FIERCE opposition against plans to turn a former golf course into a new football training ground, housing estate and horse training centre could put the redevelopment in jeopardy.

Highworth councillors unanimously recommended that all three projects be refused after concerns were raised about the lack of affordable housing and apparent benefits to the town, and its adverse impact on the local environment.

Similar issues were raised months ago when the plans were first discussed and it seems that little has been done since then to ease their fears. DPDS hopes to construct 18 five-bedroom houses separately from the ones already given the green light.

Coun Keith Smith said: “They are outside the settlement boundary in the neighbourhood plan and Swindon’s local plan, there’s no affordable housing indicated, and the access for children walking to school will be poor. It’s not a good place to put houses.”

The homes would help pay for the new football training facility which would have an all-weather pitch, nine grass pitches, and a new headquarters for Swindon Town FC with changing rooms, conference rooms and a gym.

Coun Nick Gardiner said: “We are a hilltop town and this is going against that, approving this would allow for further dwellings on the green belt. The housing plans went in after the proposed sporting facility, they’re linking the two.” Coun Gerry Edwards said: “It’s a carrot, but a rotten carrot. The land is unsuitable, there are archaeological sites nearby and the area floods.”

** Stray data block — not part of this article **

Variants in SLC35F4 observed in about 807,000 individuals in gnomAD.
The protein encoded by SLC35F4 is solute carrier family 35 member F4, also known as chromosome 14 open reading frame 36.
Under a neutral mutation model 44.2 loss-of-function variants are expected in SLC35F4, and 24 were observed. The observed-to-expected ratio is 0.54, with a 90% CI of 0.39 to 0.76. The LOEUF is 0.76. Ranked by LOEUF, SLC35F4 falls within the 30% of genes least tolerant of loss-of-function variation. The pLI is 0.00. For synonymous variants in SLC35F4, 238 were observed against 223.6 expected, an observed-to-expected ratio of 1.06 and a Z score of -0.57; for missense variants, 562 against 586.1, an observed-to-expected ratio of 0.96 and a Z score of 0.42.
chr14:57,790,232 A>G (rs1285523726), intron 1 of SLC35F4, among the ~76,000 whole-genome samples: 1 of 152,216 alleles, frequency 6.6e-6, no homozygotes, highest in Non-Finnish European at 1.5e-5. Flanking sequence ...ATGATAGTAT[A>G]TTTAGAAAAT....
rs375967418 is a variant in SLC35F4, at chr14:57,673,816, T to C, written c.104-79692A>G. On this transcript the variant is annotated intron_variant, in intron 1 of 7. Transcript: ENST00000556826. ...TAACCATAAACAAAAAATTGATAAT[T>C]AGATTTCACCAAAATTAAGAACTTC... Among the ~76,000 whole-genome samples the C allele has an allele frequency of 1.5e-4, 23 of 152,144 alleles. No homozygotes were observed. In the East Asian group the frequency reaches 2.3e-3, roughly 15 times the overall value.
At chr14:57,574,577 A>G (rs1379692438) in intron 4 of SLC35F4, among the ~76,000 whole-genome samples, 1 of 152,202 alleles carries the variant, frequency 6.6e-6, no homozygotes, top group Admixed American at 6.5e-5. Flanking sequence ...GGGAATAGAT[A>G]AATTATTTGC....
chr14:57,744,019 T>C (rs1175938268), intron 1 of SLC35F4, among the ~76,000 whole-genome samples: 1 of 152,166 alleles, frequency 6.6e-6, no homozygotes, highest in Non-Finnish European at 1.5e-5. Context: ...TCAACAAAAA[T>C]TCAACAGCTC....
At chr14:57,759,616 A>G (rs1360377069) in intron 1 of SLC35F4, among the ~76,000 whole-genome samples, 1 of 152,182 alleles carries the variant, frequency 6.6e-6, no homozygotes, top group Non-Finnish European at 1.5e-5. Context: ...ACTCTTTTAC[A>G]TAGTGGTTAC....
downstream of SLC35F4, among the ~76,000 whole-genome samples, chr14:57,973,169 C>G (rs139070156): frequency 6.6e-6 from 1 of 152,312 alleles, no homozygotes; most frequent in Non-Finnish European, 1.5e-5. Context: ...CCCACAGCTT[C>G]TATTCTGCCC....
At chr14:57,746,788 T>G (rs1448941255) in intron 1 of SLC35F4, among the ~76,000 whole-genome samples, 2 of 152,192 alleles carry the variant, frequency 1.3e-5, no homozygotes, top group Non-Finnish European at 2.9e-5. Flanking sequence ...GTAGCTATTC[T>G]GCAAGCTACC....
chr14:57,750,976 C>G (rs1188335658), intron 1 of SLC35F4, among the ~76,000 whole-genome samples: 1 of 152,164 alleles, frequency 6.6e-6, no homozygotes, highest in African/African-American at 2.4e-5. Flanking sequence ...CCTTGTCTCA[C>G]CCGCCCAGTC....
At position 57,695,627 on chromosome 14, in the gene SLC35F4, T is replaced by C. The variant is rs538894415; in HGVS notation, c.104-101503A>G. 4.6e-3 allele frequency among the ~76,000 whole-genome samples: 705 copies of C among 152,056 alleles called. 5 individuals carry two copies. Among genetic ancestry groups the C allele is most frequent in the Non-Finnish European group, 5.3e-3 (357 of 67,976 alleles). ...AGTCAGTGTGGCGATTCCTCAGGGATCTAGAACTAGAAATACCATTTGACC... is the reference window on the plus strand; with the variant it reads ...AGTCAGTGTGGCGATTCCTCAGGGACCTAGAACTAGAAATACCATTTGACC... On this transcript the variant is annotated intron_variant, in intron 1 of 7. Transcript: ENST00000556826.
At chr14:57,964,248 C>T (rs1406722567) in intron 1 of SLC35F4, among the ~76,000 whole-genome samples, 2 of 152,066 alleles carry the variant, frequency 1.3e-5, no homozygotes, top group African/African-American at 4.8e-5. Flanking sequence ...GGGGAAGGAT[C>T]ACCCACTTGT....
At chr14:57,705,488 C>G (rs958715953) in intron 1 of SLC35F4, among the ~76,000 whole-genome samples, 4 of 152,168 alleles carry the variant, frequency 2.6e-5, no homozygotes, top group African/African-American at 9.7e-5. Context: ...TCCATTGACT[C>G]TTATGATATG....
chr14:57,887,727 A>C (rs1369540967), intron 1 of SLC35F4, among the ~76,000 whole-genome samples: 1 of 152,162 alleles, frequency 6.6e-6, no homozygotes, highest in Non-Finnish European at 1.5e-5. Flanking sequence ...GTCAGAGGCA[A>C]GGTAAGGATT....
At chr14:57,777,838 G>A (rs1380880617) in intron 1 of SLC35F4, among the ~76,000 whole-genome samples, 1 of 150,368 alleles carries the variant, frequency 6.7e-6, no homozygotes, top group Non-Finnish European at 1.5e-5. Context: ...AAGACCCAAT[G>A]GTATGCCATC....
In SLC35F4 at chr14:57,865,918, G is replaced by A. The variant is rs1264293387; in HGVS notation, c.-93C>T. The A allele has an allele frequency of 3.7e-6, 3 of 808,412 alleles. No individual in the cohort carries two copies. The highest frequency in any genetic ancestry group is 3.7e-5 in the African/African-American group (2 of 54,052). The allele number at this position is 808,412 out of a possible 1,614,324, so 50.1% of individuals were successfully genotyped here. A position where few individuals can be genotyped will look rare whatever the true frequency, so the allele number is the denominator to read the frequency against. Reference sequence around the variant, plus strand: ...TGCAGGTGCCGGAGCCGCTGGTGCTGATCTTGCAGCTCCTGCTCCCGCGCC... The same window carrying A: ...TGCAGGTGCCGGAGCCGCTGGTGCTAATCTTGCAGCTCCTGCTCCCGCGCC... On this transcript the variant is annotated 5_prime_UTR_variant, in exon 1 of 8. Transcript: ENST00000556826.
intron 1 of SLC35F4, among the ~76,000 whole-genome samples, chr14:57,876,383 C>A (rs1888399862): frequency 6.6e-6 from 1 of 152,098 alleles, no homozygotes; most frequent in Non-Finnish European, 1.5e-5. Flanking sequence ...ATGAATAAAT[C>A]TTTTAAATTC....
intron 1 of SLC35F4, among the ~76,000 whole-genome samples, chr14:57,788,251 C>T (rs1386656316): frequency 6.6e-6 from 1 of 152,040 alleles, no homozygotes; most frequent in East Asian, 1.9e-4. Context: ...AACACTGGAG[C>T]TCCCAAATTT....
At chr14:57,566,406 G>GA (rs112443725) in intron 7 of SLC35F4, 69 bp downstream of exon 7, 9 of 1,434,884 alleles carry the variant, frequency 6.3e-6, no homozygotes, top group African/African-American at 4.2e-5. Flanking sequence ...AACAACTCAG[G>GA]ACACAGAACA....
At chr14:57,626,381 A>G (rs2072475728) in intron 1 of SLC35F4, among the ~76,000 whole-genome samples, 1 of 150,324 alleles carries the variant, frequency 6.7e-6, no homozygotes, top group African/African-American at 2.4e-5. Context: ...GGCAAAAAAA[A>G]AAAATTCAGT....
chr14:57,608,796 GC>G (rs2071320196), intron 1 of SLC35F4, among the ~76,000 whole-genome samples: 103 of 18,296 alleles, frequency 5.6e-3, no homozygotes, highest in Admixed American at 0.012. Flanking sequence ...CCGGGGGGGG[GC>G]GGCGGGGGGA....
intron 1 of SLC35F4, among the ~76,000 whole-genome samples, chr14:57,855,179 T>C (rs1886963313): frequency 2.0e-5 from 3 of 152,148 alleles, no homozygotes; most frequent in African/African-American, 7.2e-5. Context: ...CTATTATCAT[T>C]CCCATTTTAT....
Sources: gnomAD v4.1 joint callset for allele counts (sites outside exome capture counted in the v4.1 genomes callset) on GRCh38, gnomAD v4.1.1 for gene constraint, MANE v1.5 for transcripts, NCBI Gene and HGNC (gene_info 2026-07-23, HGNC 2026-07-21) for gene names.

Despite assurances that the new HQ would be a community asset, a lack of engagement with the grass roots football community in Highworth was noted. Highworth Town Junior FC worried that teams would not be allowed to use the new all-weather pitch at an affordable rate and that, if this was given the go-ahead, plans for a similar facility to be built in Highworth itself would not be approved.

Councillors were surprised by the addition of an equestrian training facility, in an application lodged by STFC’s chairman Lee Power, which would have two barns with 20 stables and 50 horse boxes, space for paddocks and parking, plus accommodation for stable hands.

A resident who attended the meeting alleged that hurdles had been set up and horses were already being ridden on the site before permission had been given, so Coun Maureen Penny ordered for that to be stopped immediately.

The resident said: “Highworth residents are concerned about the size of this facility and the impact it will have on the landscape and wildlife.”

Coun Keith Smith added: “I can’t see the point of this, who asked for it? Will it be for the town to use or just for the landowner’s horses?”

Mayor Julia Bishop said: “It would have been good for them to come back to us after making such massive changes to give us more detail about the plans, and the issues we’ve raised have not been addressed at all.”

There were fears that the amount of vehicles using the sites would cause problems and the height of the new buildings and floodlights would be an eyesore.